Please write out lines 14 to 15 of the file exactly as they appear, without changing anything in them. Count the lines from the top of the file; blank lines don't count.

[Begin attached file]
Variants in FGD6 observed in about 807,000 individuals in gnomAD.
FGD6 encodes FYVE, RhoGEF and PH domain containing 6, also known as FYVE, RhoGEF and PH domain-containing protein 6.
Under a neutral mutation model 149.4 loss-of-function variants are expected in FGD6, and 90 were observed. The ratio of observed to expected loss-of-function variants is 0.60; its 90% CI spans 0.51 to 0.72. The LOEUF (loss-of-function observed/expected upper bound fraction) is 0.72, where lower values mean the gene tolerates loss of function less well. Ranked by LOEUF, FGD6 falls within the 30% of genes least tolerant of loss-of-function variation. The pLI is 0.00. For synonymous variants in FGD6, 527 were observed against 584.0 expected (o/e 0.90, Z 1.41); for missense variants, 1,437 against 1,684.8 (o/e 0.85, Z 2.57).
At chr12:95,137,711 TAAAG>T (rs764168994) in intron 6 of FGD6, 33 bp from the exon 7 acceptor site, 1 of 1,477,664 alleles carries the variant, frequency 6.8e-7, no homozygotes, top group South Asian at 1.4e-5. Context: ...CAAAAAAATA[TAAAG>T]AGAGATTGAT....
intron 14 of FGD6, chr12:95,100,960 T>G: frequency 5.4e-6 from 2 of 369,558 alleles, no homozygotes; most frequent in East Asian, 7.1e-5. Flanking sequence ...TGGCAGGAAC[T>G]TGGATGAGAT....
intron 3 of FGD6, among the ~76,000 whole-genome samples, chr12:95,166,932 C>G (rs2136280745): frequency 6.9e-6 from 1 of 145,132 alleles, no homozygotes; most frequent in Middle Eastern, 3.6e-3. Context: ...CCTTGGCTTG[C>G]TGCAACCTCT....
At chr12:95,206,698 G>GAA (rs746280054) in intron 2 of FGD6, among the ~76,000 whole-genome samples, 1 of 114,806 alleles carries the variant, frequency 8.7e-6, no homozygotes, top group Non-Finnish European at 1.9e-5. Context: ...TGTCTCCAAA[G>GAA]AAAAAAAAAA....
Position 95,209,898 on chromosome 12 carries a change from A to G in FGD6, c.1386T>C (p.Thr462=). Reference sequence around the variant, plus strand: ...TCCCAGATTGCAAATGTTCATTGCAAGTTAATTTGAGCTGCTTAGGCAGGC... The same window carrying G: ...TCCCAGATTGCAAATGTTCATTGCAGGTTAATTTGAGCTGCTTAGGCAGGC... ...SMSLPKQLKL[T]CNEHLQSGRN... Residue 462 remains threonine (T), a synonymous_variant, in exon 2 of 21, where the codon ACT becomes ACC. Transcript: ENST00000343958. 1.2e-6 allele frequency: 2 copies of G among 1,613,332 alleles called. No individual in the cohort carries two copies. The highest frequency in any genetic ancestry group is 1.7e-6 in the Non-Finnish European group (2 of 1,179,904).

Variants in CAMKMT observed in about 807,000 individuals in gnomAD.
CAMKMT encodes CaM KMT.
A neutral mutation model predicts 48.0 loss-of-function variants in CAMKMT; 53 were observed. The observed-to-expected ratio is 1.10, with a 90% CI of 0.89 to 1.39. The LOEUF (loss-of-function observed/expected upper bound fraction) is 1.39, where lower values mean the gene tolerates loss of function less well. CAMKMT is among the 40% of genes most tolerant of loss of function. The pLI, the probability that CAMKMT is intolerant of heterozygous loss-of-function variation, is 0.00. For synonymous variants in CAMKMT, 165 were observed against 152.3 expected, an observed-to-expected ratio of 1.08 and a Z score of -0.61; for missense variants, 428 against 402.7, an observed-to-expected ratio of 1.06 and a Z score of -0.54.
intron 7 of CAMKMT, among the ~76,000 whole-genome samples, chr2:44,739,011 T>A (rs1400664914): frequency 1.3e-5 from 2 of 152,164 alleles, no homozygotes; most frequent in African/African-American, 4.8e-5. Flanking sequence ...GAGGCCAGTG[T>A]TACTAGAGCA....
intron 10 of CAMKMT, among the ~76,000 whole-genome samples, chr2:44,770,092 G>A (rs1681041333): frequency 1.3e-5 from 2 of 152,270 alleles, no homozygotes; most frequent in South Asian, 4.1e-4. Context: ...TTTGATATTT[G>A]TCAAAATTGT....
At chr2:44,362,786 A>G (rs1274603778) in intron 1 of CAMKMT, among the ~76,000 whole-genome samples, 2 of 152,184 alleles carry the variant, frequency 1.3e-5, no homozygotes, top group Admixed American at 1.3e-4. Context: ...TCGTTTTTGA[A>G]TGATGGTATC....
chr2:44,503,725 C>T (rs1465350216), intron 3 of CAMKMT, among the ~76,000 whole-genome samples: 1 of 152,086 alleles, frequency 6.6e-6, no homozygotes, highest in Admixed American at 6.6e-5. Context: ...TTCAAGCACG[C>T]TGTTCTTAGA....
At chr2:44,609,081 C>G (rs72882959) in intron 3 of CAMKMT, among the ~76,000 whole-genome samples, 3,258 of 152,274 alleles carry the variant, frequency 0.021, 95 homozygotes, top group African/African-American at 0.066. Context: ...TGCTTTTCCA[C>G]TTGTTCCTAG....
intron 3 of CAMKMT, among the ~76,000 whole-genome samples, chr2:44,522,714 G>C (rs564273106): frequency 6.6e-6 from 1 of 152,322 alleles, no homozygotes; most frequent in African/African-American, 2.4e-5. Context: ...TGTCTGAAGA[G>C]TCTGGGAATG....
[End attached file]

At chr2:44,362,786 A>G (rs1274603778) in intron 1 of CAMKMT, among the ~76,000 whole-genome samples, 2 of 152,184 alleles carry the variant, frequency 1.3e-5, no homozygotes, top group Admixed American at 1.3e-4. Context: ...TCGTTTTTGA[A>G]TGATGGTATC....
chr2:44,503,725 C>T (rs1465350216), intron 3 of CAMKMT, among the ~76,000 whole-genome samples: 1 of 152,086 alleles, frequency 6.6e-6, no homozygotes, highest in Admixed American at 6.6e-5. Context: ...TTCAAGCACG[C>T]TGTTCTTAGA....